Asclepius


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Asclepius

(ăsklē`pēəs), Lat. Aesculapius (ĕs'kəlā`pēəs), legendary Greek physician; son of Apollo and Coronis. His first teacher was the wise centaur Chiron. When he became so skillful in healing that he could revive the dead, Zeus killed him. Apollo persuaded Zeus to make Asclepius the god of medicine. The worship of Asclepius is believed to have originated in Thessaly. Temples were built to him at Epidaurus, Cos, Pergamum, and later Rome, where his worship spread after a plague in 293 B.C. Treatments, including massage and baths, were given to the sick. The serpent and the cock were sacred to Asclepius. People who claimed descent from him and those who followed his teachings were known as Asclepiads.

Bibliography

See E. J. Edelstein, Asclepius (1945, repr. 1988); S. B. Aleshire, The Athenian Asklepieion (1989).

Asclepius

saved by his father Apollo from the body of pregnant Coronis when Apollo slays her for infidelity. [Gk. Myth.: Benét, 57]

Asclepius

(Aesculapius) god of healing. [Gk. Myth.: Kravitz, 37]
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He says the plaque indicates that an ancient Greek healing temple must have existed here between the 2nd Century BC and 3rd Century BC, which would have been built by colonists to promote the cult of Asclepius.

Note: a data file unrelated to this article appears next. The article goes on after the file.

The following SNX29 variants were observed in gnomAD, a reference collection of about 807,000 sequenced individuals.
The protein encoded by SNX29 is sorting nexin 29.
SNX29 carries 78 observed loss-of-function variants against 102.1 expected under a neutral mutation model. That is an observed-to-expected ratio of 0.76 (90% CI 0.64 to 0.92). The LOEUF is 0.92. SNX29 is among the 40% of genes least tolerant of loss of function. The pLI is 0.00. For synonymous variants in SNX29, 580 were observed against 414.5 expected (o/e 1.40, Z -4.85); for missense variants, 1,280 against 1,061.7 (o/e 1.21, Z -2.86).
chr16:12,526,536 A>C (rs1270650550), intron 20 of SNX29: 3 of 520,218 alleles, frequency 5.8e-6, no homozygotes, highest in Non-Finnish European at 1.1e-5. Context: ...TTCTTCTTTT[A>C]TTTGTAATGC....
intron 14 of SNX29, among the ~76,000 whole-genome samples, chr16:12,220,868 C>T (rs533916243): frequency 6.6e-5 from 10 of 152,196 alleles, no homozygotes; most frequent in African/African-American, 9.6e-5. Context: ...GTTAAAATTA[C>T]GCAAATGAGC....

The statue of Asclepius dominated the sanctuary at Epidaurus.
54) The latter duo was recast in Greco-Roman tradition as Asclepius (Asklepius) and his son or servant Telesphoros ("who brings a good end"), represented as a smaller hooded figure who often took the form of a dwarf.
37 del Asclepius, una traduccion latina pseudo-apuleyana de un tratado del corpus Hermeticum, cuyo original griego no se nos ha conservado (34):
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The name Asclepius has also been spelled Asklepios or Asclepios in literature; in this article I have adopted the spelling that is most commonly used today.
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Marsilio Ficino's later interest in Hermetism is conceptualized, then, by his familiarity with earlier Christian writers who drew on the Asclepius as well as on fragmentary quotations from Hermetic works by Lactantius and others.
The third awkward point in Heracles's argument is that Philoctetes--though injured and crippled--will be referred to Asclepius, (31) the putative reliever [TEXT NOT REPRODUCIBLE IN ASCII]:
And knowing what we now know of Ancient Greece, not only was that possible but, as in the case of Asclepius, who was himself killed by Zeus only to be resurrected and transformed into a major deity, was actually quite common.